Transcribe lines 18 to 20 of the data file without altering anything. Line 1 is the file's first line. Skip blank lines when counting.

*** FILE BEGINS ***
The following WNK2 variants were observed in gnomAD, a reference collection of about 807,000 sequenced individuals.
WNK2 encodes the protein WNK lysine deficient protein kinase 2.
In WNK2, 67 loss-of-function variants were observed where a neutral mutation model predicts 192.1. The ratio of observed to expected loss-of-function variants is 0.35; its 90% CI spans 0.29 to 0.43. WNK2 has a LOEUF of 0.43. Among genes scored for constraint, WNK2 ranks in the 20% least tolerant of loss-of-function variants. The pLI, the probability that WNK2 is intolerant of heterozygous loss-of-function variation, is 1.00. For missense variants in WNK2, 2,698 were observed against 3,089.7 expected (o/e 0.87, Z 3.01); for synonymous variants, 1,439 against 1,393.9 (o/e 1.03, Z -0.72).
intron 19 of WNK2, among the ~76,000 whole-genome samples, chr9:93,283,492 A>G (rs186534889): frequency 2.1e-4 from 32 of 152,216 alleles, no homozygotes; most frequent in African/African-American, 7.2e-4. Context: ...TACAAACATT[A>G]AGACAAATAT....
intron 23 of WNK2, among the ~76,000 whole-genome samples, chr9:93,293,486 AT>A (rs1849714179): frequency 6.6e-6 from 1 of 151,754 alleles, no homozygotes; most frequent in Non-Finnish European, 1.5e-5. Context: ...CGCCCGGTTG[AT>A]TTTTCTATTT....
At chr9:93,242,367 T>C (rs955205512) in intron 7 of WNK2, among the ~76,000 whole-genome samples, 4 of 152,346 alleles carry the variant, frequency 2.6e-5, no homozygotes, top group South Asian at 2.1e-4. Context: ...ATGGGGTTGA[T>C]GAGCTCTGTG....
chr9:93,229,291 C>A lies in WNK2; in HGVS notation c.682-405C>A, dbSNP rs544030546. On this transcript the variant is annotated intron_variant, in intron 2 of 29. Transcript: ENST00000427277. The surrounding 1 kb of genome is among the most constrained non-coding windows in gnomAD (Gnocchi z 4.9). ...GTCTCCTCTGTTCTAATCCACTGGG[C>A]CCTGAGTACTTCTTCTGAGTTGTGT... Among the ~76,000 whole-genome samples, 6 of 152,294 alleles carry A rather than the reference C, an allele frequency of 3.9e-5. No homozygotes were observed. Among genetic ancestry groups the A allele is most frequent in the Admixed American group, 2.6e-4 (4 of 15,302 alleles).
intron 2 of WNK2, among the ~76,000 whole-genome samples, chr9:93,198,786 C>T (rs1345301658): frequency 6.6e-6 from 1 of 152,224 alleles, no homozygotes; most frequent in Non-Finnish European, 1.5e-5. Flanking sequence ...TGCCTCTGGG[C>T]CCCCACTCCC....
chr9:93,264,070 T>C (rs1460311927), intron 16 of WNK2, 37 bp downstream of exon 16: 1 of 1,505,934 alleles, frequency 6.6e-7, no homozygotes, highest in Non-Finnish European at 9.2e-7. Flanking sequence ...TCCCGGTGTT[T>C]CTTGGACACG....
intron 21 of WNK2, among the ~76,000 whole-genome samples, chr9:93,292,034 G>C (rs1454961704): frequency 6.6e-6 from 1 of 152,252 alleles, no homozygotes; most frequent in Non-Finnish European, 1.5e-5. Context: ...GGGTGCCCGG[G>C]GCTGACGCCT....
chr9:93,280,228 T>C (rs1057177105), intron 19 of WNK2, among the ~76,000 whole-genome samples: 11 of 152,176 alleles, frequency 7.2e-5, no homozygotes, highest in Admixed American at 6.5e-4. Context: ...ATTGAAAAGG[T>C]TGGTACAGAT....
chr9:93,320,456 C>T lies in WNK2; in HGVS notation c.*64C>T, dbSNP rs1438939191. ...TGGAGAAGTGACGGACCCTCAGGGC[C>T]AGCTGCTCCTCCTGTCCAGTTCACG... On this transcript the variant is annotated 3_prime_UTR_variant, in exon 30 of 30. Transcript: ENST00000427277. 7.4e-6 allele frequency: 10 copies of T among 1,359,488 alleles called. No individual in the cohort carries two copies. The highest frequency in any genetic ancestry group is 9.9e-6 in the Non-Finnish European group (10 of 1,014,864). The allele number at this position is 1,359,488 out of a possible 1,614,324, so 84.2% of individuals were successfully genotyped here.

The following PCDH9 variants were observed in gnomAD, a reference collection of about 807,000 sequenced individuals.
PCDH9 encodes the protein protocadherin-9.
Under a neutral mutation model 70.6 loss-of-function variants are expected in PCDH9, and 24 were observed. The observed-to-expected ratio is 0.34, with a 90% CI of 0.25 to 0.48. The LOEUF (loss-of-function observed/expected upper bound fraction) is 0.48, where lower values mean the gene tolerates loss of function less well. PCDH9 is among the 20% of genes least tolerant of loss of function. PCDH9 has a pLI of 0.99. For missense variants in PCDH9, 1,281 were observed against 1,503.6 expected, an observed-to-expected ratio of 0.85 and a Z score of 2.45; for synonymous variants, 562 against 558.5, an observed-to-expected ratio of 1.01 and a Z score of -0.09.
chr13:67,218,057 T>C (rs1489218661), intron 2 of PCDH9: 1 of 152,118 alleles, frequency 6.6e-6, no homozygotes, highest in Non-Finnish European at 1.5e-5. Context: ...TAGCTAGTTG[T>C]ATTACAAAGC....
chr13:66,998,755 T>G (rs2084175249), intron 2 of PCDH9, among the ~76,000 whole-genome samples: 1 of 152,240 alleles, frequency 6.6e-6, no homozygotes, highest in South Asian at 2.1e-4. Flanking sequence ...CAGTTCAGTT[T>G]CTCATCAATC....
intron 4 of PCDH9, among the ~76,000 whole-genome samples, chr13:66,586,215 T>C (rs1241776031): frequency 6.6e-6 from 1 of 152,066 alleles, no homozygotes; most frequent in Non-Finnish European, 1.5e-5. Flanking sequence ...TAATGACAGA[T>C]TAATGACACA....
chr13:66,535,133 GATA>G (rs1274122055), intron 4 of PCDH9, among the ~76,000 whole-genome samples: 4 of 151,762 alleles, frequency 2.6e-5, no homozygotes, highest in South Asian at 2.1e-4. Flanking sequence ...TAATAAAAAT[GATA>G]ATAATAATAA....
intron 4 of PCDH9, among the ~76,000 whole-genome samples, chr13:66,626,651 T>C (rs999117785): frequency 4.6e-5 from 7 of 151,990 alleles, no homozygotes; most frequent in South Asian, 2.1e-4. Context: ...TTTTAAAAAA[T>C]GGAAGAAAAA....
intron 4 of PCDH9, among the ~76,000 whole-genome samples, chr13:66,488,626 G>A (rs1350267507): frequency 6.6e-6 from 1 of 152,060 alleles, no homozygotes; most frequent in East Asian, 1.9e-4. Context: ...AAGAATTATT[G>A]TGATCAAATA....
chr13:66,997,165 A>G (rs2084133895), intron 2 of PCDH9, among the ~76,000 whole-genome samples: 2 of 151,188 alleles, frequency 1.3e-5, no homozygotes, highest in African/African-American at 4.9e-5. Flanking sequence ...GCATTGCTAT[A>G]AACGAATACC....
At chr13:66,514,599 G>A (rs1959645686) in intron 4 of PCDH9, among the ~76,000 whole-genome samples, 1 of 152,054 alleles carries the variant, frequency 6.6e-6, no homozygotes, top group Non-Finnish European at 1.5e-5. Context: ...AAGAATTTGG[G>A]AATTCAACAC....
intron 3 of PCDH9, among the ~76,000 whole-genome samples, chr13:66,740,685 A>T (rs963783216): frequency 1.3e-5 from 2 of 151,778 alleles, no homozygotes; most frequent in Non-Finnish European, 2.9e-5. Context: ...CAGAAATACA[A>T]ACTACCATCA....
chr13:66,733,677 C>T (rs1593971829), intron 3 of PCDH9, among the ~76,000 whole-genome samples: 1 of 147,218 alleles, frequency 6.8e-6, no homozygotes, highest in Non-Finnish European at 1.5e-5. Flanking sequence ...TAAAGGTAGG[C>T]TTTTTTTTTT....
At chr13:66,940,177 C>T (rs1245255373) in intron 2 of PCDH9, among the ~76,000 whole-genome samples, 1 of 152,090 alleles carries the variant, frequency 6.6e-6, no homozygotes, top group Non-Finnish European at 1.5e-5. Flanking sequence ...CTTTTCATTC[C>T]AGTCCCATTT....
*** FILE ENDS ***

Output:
intron 4 of PCDH9, among the ~76,000 whole-genome samples, chr13:66,586,215 T>C (rs1241776031): frequency 6.6e-6 from 1 of 152,066 alleles, no homozygotes; most frequent in Non-Finnish European, 1.5e-5. Flanking sequence ...TAATGACAGA[T>C]TAATGACACA....
chr13:66,535,133 GATA>G (rs1274122055), intron 4 of PCDH9, among the ~76,000 whole-genome samples: 4 of 151,762 alleles, frequency 2.6e-5, no homozygotes, highest in South Asian at 2.1e-4. Flanking sequence ...TAATAAAAAT[GATA>G]ATAATAATAA....
intron 4 of PCDH9, among the ~76,000 whole-genome samples, chr13:66,626,651 T>C (rs999117785): frequency 4.6e-5 from 7 of 151,990 alleles, no homozygotes; most frequent in South Asian, 2.1e-4. Context: ...TTTTAAAAAA[T>C]GGAAGAAAAA....